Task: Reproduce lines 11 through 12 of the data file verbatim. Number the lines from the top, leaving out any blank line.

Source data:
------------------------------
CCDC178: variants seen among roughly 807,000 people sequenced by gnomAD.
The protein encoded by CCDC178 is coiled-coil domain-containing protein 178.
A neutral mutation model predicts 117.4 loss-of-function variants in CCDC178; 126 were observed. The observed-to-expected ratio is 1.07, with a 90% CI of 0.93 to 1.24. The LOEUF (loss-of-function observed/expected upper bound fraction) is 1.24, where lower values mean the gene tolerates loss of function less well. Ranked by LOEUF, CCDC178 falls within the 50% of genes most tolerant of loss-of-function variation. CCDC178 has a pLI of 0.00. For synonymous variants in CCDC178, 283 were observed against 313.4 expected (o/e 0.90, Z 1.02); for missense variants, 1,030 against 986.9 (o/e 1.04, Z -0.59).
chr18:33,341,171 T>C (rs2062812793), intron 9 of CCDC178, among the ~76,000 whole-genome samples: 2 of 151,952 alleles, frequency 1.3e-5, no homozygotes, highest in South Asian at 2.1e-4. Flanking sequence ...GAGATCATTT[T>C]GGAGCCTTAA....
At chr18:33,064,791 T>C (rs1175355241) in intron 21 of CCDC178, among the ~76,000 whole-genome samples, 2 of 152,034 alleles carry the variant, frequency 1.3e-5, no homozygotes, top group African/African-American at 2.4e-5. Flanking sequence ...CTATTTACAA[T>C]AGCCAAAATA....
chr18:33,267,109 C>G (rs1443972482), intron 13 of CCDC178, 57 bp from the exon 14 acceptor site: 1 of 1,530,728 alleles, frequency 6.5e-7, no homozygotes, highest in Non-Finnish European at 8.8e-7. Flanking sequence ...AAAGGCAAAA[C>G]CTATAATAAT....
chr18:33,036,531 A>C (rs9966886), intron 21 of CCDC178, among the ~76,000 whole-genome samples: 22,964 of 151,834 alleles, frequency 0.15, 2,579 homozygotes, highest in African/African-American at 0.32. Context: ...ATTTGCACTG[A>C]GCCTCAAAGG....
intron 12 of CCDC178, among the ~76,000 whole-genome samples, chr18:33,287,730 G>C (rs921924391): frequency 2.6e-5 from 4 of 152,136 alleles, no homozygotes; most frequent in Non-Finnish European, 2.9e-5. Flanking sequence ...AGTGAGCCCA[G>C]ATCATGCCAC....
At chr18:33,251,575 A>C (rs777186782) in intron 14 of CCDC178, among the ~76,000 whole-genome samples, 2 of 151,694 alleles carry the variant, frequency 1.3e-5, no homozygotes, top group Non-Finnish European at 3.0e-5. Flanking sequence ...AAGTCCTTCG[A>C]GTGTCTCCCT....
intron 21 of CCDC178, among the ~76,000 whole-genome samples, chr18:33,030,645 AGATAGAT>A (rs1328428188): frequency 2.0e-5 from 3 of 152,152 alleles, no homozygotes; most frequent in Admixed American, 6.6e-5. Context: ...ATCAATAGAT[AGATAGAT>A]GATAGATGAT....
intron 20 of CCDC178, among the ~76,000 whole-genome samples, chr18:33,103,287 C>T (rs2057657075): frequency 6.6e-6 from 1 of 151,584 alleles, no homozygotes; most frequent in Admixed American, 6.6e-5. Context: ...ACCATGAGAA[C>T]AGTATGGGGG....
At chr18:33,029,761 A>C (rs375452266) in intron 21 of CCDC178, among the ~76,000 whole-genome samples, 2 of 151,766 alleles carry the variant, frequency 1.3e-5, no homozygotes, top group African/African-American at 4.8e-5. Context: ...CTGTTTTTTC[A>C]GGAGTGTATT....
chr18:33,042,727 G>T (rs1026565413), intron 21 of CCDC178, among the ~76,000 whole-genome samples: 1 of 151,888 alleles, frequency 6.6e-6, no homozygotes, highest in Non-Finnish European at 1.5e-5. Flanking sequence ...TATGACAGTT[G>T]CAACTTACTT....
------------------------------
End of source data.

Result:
intron 20 of CCDC178, among the ~76,000 whole-genome samples, chr18:33,103,287 C>T (rs2057657075): frequency 6.6e-6 from 1 of 151,584 alleles, no homozygotes; most frequent in Admixed American, 6.6e-5. Context: ...ACCATGAGAA[C>T]AGTATGGGGG....
At chr18:33,029,761 A>C (rs375452266) in intron 21 of CCDC178, among the ~76,000 whole-genome samples, 2 of 151,766 alleles carry the variant, frequency 1.3e-5, no homozygotes, top group African/African-American at 4.8e-5. Context: ...CTGTTTTTTC[A>C]GGAGTGTATT....